Chasing The Pursuit Of Knowledge
When I was younger, I wanted to be a psychologist. I thought ink blots looked funny and I enjoyed the idea of hearing what others thought about all day long.
Later on, I decided I wanted to be a psychologist-teacher hybrid because I watched that movie Matilda where the girl with the telekinesis has a teacher with a name as sweet as she: Ms. Honey.
I dropped the idea when I realized I’d have to actually work with kids and went back to dreaming of a career in social sciences.
One day, though, well into my teens and long after my grade school musings, I thought, maybe I should not be chasing a job, but a life.
“What are you studying now?” “What will you study next?” “Where are you transferring?” “What colleges have you applied to?”
The worst part of being a second year student at a two-year college is being a second year student at a two-year college; if only because I have to endure these questions on a daily basis. Two years ago when we graduated from high school, the onlookers in our lives assumed it was the perfect time to pounce; to ask for the first instance in our young years, “So, like, what are you going to do now?”
It’s only natural that they’d ask. Graduating from high school is a rite of passage, after all, just another ceremonious hymen-breaking of sorts (except that it’s set to the tune of Pomp and Circumstance, a.k.a. the only song graduation bands ever know.)
When you decide you’ll be a transfer student, a second round of interrogation is expected. Too bad these hemorrhage-inducing questions are designed to expect only certain answers. In terms of average yearly incomes, statistics say that having an associate’s degree is the same thing as having nothing but a high school diploma. It seems that having an associate’s degree is only seen as a stepping stone and therein lays the issue.
Having an associate’s degree is not just two years into getting a bachelors. It’s two years worth of classes taken and knowledge gained.
Getting an education in this day and age only means you’re on your way to chasing a good job; valuing an education for education’s sake is an antiquated perspective in a time where having money is all anyone aspires for.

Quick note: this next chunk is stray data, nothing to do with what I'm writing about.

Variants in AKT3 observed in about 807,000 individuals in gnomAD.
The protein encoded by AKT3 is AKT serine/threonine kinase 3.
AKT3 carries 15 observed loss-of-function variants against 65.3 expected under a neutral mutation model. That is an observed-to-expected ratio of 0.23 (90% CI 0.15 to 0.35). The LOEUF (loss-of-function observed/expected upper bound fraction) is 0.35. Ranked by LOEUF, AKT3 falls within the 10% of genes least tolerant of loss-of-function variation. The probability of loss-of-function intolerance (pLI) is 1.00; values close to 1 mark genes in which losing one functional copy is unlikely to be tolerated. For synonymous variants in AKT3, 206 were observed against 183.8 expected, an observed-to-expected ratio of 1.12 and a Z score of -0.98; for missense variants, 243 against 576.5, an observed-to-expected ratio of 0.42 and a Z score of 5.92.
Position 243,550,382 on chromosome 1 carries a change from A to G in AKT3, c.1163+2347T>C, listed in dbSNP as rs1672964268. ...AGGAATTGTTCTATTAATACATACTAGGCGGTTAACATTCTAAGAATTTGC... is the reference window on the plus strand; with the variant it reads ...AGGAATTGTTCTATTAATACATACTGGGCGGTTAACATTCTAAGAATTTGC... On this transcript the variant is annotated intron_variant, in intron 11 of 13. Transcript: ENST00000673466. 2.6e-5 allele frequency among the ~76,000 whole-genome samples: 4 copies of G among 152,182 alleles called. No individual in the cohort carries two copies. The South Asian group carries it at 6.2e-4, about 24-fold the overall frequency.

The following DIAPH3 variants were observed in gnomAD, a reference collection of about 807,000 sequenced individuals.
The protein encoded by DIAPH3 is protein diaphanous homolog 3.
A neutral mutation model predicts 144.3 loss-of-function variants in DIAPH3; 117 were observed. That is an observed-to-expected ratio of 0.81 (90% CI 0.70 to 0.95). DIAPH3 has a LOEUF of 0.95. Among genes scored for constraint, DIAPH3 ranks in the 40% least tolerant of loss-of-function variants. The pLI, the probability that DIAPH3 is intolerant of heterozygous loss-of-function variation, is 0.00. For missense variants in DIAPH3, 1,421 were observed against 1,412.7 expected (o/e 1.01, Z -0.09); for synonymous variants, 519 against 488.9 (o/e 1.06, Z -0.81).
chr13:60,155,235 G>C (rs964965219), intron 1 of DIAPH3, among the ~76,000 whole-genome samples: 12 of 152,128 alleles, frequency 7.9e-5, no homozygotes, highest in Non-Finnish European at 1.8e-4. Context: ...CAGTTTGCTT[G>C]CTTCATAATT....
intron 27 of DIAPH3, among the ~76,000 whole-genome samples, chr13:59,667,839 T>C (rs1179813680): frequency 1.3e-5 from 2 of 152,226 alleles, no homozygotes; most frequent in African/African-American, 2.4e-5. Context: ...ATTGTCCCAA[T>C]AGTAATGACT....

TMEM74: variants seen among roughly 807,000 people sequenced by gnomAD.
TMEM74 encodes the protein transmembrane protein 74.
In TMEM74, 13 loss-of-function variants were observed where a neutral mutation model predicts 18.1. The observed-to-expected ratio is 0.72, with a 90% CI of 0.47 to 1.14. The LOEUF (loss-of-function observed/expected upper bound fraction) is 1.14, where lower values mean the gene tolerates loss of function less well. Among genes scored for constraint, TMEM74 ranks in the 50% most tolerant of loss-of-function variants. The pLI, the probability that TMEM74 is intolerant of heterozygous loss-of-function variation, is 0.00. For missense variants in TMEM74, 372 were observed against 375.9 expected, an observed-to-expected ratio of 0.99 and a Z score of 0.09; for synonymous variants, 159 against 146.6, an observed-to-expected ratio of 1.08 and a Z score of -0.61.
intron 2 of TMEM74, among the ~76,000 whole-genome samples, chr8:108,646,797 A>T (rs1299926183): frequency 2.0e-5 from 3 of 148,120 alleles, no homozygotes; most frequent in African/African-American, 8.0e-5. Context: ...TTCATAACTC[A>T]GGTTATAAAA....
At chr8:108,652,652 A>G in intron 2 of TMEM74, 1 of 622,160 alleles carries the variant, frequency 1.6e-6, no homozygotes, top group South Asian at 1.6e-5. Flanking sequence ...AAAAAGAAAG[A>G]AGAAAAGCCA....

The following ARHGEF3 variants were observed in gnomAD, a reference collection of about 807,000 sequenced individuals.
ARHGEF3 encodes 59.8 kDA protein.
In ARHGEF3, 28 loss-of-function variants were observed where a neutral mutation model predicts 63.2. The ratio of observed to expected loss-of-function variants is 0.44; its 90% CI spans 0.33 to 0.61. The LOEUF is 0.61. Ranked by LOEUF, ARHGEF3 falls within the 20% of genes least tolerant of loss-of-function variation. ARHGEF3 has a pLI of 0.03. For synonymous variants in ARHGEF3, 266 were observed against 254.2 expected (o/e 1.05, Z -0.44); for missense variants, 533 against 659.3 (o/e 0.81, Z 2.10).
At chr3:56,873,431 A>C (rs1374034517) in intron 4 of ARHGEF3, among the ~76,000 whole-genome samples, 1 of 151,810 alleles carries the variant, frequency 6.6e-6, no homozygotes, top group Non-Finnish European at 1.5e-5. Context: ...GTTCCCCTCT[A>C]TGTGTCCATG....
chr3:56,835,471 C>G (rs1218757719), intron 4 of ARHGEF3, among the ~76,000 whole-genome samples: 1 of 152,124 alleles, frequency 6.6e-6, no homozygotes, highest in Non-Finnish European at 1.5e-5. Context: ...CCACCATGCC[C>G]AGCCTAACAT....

We know without a doubt that knowledge, like the terrible cliché goes, is power.
But the only form of power students are taught to acknowledge is the kind that comes from a bi-weekly company check and a soul-killing daily work routine.
And that’s no way to a fulfilling life; maybe a rich life, maybe a life of status in the community, multiple assets to your name and power in the markets but who wants that? (What side am I arguing again?)
The objective of going to school should not be so that you are able to add a few lines of credibility to your résumé but to simply become educated.
Education is a privilege and that no one ever sees it that way is a travesty to our depth as a society. Education is only seen as the means through which we may hope to acquire what the American standard deems significant: a pretty house, a respectable job with perks, a bank account the ladies will fawn over.
Despite all the different ways people have asked the question, “what now?” upon hearing that I am approaching my final semester at Dade; I am not any closer to knowing the answer.
I am not chasing my career. I’m not dreaming of a 401k. I just aspire to be happy.
For now, I imitate the responses I’ve heard others use, even when I know the only thing I plan on doing once I take off the toga is to ditch the heels on the way to the car, degree in hand.
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